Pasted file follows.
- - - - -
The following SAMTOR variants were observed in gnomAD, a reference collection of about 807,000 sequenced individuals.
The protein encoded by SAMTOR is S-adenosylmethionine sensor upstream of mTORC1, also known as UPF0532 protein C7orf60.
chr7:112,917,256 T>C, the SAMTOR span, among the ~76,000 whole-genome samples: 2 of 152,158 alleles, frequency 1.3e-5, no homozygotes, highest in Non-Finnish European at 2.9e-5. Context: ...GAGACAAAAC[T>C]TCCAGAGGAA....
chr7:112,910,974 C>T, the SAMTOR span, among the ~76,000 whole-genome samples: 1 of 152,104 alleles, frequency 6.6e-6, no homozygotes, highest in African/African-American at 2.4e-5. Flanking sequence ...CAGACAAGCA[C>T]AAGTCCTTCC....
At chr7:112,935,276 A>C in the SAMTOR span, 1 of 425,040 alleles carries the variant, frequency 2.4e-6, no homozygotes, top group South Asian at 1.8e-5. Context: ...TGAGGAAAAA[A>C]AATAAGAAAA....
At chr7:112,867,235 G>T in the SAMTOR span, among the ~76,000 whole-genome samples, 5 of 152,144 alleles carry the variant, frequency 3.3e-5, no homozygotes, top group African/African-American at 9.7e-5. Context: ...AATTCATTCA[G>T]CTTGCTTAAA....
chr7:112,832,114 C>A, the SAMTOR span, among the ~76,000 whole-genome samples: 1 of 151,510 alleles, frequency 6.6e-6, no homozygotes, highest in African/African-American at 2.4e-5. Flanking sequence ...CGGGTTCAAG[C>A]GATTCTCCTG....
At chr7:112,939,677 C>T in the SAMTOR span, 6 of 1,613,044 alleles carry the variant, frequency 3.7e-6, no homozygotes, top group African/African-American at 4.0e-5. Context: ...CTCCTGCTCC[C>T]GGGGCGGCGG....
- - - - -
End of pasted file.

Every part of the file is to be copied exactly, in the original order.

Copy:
The following SAMTOR variants were observed in gnomAD, a reference collection of about 807,000 sequenced individuals.
The protein encoded by SAMTOR is S-adenosylmethionine sensor upstream of mTORC1, also known as UPF0532 protein C7orf60.
chr7:112,917,256 T>C, the SAMTOR span, among the ~76,000 whole-genome samples: 2 of 152,158 alleles, frequency 1.3e-5, no homozygotes, highest in Non-Finnish European at 2.9e-5. Context: ...GAGACAAAAC[T>C]TCCAGAGGAA....
chr7:112,910,974 C>T, the SAMTOR span, among the ~76,000 whole-genome samples: 1 of 152,104 alleles, frequency 6.6e-6, no homozygotes, highest in African/African-American at 2.4e-5. Flanking sequence ...CAGACAAGCA[C>T]AAGTCCTTCC....
At chr7:112,935,276 A>C in the SAMTOR span, 1 of 425,040 alleles carries the variant, frequency 2.4e-6, no homozygotes, top group South Asian at 1.8e-5. Context: ...TGAGGAAAAA[A>C]AATAAGAAAA....
At chr7:112,867,235 G>T in the SAMTOR span, among the ~76,000 whole-genome samples, 5 of 152,144 alleles carry the variant, frequency 3.3e-5, no homozygotes, top group African/African-American at 9.7e-5. Context: ...AATTCATTCA[G>T]CTTGCTTAAA....
chr7:112,832,114 C>A, the SAMTOR span, among the ~76,000 whole-genome samples: 1 of 151,510 alleles, frequency 6.6e-6, no homozygotes, highest in African/African-American at 2.4e-5. Flanking sequence ...CGGGTTCAAG[C>A]GATTCTCCTG....
At chr7:112,939,677 C>T in the SAMTOR span, 6 of 1,613,044 alleles carry the variant, frequency 3.7e-6, no homozygotes, top group African/African-American at 4.0e-5. Context: ...CTCCTGCTCC[C>T]GGGGCGGCGG....